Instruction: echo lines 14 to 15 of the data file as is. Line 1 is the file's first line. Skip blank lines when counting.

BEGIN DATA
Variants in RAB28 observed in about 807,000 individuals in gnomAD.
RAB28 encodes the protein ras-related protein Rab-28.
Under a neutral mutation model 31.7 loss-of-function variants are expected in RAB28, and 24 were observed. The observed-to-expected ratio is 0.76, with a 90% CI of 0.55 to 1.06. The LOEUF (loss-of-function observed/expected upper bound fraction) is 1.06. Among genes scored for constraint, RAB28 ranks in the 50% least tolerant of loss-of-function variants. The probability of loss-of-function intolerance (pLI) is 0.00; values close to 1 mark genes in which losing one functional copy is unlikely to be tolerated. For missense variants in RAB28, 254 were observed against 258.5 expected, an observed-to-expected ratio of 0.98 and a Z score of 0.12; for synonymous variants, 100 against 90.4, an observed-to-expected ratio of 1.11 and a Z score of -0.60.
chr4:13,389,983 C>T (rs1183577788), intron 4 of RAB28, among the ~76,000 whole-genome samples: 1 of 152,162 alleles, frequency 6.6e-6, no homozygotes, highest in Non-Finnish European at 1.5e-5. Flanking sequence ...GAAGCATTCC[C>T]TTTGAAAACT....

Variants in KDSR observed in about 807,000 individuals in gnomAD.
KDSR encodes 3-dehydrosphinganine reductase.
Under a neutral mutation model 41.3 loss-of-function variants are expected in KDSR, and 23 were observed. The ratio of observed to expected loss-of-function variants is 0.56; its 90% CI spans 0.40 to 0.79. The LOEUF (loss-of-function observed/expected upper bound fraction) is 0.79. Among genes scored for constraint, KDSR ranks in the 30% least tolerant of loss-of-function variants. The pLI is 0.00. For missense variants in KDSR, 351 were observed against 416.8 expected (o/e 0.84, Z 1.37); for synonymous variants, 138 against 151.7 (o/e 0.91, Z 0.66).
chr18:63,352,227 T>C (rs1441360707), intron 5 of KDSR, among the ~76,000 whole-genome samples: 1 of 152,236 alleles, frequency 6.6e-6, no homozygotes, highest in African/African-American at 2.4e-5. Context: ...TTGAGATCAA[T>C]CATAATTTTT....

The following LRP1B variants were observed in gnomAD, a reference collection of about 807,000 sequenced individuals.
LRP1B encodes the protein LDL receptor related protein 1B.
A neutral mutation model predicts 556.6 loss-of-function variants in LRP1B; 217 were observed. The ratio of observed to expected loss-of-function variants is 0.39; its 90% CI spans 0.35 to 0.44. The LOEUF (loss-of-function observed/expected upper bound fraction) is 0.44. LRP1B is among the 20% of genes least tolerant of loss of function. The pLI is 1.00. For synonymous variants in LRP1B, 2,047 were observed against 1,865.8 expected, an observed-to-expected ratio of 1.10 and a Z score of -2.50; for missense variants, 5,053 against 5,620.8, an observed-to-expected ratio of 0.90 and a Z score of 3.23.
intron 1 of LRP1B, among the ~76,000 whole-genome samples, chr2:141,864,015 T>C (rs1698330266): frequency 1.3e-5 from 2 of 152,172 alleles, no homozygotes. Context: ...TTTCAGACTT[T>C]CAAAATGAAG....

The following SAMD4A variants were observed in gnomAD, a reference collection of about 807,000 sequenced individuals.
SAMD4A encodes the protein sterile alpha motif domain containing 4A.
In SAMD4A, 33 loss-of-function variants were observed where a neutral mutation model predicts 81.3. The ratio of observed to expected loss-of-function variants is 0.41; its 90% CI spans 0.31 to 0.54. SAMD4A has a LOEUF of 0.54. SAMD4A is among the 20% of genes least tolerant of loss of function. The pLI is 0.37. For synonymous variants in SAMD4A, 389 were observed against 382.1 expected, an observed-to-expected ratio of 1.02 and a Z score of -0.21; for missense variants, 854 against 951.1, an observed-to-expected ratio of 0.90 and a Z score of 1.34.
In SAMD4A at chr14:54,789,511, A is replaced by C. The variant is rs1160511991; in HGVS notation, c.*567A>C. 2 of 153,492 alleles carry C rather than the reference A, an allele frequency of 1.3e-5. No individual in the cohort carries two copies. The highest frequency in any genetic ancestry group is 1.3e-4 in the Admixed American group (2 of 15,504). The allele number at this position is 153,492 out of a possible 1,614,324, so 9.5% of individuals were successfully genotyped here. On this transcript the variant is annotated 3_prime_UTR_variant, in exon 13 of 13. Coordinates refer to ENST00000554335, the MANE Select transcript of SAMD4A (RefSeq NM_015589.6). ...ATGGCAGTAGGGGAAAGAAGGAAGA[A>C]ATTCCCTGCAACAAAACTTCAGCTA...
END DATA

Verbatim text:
SAMD4A encodes the protein sterile alpha motif domain containing 4A.
In SAMD4A, 33 loss-of-function variants were observed where a neutral mutation model predicts 81.3. The ratio of observed to expected loss-of-function variants is 0.41; its 90% CI spans 0.31 to 0.54. SAMD4A has a LOEUF of 0.54. SAMD4A is among the 20% of genes least tolerant of loss of function. The pLI is 0.37. For synonymous variants in SAMD4A, 389 were observed against 382.1 expected, an observed-to-expected ratio of 1.02 and a Z score of -0.21; for missense variants, 854 against 951.1, an observed-to-expected ratio of 0.90 and a Z score of 1.34.